- For the purpose of the exposure limit, a calendar spread shall be regarded as an open position of one third of the mark to market value of the far month contract. As the near month contract approaches expiry, the spread shall be treated as a naked position in the far month contract in the same manner as defined in slide no. 49.
Margining in Futures market
Initial Margin (Value at risk at 99% of the days)
- Striking an intelligent balance between safety and liquidity while determining margins, is a million dollar point.
Position limits in Index Futures
No position limit. Disclosure to exchange, if position of people acting in concert is 15% or more of open interest.
Trading member level
- 15% of open interest or 100 crore whichever is higher.
- to be reviewed after 6 months of futures trading.
Clearing member level
- No separate position limit. However, C.M. should ensure that his own positions (if C.M. is a T.M. also) and the positions of the T.Ms. clearing through him are within the limits specified above for T.M.
- No limit. To be reviewed after 6 months of trading in futures.
Operators in the derivatives market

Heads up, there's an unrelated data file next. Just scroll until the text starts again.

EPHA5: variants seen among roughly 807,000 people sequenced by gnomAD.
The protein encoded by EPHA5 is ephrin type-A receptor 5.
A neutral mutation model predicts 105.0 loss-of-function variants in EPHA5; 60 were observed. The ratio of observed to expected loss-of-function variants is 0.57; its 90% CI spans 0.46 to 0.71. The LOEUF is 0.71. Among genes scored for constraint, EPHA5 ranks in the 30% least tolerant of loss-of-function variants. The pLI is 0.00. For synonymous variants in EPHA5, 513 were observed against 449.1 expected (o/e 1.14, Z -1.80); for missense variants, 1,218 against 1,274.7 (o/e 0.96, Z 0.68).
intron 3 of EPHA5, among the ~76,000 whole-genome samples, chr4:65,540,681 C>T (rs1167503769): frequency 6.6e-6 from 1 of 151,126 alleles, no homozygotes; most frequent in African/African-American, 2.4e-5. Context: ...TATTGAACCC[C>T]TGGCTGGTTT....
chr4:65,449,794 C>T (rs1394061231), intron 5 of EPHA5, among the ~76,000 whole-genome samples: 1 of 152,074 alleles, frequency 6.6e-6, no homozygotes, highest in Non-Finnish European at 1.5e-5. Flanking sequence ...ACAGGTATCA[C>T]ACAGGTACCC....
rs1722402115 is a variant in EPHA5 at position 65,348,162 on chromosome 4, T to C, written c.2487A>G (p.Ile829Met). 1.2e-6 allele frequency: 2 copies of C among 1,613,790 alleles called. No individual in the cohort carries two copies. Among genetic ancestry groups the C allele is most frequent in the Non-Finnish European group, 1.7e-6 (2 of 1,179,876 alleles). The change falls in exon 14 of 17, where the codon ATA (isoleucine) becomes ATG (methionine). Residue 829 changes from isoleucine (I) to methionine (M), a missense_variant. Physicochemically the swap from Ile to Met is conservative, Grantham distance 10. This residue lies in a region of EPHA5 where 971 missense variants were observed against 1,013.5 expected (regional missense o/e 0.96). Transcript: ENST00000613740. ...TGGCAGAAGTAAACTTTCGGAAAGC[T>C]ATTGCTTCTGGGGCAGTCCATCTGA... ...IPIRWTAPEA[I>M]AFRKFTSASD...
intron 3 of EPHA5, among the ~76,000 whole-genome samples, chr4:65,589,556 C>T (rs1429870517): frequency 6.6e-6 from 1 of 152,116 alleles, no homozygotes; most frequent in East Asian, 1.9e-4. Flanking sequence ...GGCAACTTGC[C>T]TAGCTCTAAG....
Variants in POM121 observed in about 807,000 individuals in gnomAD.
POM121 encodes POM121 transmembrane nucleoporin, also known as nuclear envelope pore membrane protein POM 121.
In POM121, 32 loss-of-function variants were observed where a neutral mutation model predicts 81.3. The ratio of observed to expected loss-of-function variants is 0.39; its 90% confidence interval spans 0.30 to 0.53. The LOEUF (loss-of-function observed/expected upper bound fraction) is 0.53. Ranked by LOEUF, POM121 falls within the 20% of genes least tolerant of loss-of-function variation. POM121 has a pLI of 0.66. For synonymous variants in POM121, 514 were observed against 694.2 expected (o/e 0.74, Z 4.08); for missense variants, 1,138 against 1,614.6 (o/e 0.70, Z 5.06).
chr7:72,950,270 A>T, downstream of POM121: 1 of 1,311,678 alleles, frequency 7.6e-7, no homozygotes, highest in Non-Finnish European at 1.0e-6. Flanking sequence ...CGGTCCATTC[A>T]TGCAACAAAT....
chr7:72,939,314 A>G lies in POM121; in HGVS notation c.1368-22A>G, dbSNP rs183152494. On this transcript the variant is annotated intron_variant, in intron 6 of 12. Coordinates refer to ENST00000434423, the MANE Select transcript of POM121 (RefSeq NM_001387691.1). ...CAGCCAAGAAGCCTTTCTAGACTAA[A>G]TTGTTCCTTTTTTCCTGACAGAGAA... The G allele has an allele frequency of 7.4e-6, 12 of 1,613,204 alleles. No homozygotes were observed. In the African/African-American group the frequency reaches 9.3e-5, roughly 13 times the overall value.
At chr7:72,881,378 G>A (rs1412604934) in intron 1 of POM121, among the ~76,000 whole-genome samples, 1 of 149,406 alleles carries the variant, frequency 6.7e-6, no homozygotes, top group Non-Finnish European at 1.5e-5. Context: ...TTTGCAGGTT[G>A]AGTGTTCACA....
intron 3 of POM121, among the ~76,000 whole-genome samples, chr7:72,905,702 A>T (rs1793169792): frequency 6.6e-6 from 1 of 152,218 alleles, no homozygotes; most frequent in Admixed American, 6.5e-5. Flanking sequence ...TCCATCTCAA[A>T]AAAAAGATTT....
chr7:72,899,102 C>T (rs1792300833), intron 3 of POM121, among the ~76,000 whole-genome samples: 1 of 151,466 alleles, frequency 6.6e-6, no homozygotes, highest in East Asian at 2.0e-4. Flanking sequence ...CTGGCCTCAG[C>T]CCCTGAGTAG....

- Hedgers – Operators, who want to transfer a risk component of their portfolio.
- Speculators – Operators, who intentionally take the risk from hedgers in pursuit of profit.
- Arbitrageurs – Operators who operate in the different markets simultaneously, in pursuit of profit and eliminate mispricing.
Expected Advantages Of Derivatives To The Cash Market
- Higher liquidity
- Availability of risk management products attracts more investors to the cash market.
- Arbitrage between cash and futures markets fetches additional business to cash market.
- Improvement in delivery based business.
- Lesser volatility
- Improved price discovery.
What makes a contract click?
- Risk in the underlying market.
- Presence of both hedgers and speculators in the system.
- Right product specifications.
- Proper margining.
- Multiple indices trading on the same exchange even the same index with different contract designs
- Dedicated funds –
n) What are general hedging strategies?
The basic logic is ” If long in cash underlying: Short Future;
If short in cash underlying: Long Future”
Example: if you have bought 100 shares of company A and want to hedge against market movements, you should short an appropriate amount of Index Futures. This will reduce your overall exposure to events affecting the whole market (systematic risk). In case a war breaks out, the entire market will fall (most likely including Company A). so your loss in company a would be offset by the gains in your short position in Index Futures.
Some instances where hedging strategies are useful include:
- Reducing the equity exposure of a Mutual Fund by selling Index Futures;
- Investing funds raised by new schemes in Index Futures so that market exposure is immediately taken, and
- Partial liquidation of portfolio by selling the index future instead of the actual shares where the cost of transaction is higher.